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Frey, William H. 1993. "The New Urban Revival in the United States." Urban Studies, 30(4-5): 741-74.
This paper evaluates three broad dimensions of the new urban revival in the U.S., based on results from the 1990 census: (1) a return to urbanisation in the U.S. -- following a period of "counter-urbanisation" during the 1970s -- in which new patterns of urban growth and decline are faster paced than in the 1950s and 1960s; (2) expanded growth of the nation's minority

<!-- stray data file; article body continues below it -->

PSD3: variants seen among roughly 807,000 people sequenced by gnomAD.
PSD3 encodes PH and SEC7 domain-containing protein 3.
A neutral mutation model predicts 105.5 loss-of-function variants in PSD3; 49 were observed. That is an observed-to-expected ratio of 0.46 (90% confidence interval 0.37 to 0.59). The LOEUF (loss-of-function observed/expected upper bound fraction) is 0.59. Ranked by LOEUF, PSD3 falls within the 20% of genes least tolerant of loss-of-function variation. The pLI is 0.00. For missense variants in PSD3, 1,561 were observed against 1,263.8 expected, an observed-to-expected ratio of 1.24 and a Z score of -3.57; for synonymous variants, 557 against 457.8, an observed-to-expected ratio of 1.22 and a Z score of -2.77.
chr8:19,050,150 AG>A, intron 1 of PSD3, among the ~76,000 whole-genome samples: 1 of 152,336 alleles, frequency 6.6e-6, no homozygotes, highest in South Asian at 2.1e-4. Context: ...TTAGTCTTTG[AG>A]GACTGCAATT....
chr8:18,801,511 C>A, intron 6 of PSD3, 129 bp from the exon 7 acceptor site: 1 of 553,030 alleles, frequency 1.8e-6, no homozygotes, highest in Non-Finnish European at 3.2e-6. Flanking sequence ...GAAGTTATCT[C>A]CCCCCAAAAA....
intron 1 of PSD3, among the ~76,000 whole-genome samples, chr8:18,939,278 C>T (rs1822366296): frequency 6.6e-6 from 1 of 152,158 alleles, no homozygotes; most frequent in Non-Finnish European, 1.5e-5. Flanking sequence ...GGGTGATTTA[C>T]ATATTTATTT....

populations -- primarily Blacks, Hispanics, and Asians; (3) continued spread of population and jobs outward from historic central cities of metropolitan areas. This evaluation is preceded by a review of major explanations for the 1970s "counter-urbanization" phenomena in the U.S. and their respective forecasts for the future. The three major types of explanations are period explanations, regional restructuring explanations, and deconcentration explanations. The study concludes that the new urban revival in the U.S. is not a return to traditional post-World War II urbanisation but is unique, less for growth patterns than for the pace at which they are changing. Both the geographical and the temporal patterns of 1980s urban growth give credent to the regional restructuring and period explanations of for 1970s "counterurbanization."